Last year after we moved in we bathed our selves in the watery sounds of the wood thrush. When we first heard it, we didn't even know what it was. Sasha described it to our friend who knew what she meant immediately.
A few months later the bird was gone and so was it's song. Our neighbor's partly-feral cat killed it. I saw the cat carry it away. We were quite sad about it and though there had been many wonderful bird calls and bird sightings since, none quite equalled the Wood Thrush which apparently can make two tones at once. Even the descriptions of its call at the Cornell Lab of Ornithology are poetic.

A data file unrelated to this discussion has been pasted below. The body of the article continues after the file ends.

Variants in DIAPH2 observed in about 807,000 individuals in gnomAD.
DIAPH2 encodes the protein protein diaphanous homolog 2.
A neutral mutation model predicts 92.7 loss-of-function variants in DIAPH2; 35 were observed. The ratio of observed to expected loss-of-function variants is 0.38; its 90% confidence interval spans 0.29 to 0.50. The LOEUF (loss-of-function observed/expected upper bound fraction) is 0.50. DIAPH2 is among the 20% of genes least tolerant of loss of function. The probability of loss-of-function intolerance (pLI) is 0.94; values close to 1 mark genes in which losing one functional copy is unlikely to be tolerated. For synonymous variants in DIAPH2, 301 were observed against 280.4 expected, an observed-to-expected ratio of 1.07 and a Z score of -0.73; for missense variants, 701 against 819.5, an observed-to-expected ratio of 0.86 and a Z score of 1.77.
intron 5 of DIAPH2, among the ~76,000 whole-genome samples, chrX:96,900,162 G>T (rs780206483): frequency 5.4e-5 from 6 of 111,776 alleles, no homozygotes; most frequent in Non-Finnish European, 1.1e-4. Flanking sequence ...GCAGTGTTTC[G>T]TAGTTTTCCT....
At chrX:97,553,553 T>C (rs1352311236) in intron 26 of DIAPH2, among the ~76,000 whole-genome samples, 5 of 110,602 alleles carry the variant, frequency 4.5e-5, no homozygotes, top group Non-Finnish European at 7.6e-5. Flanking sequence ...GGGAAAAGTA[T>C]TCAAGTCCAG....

One of the most common woodland birds of the East, the Wood Thrush is best known for its hauntingly beautiful song.Well just this Monday we woke up not to the alarm which was disabled by an in-home power-outage, but to the sounds of a new wood thrush. Perhaps it had just arrived from its winter lodging elsewhere.
Song a series of yodeled phrases with a pause in between each phrase, and complex, flute-like notes. "ee-oh-lay." Calls a rapid "pit-pit-pit." Nocturnal flight call an emphatic buzzy "heeh," on one tone or only slightly descending.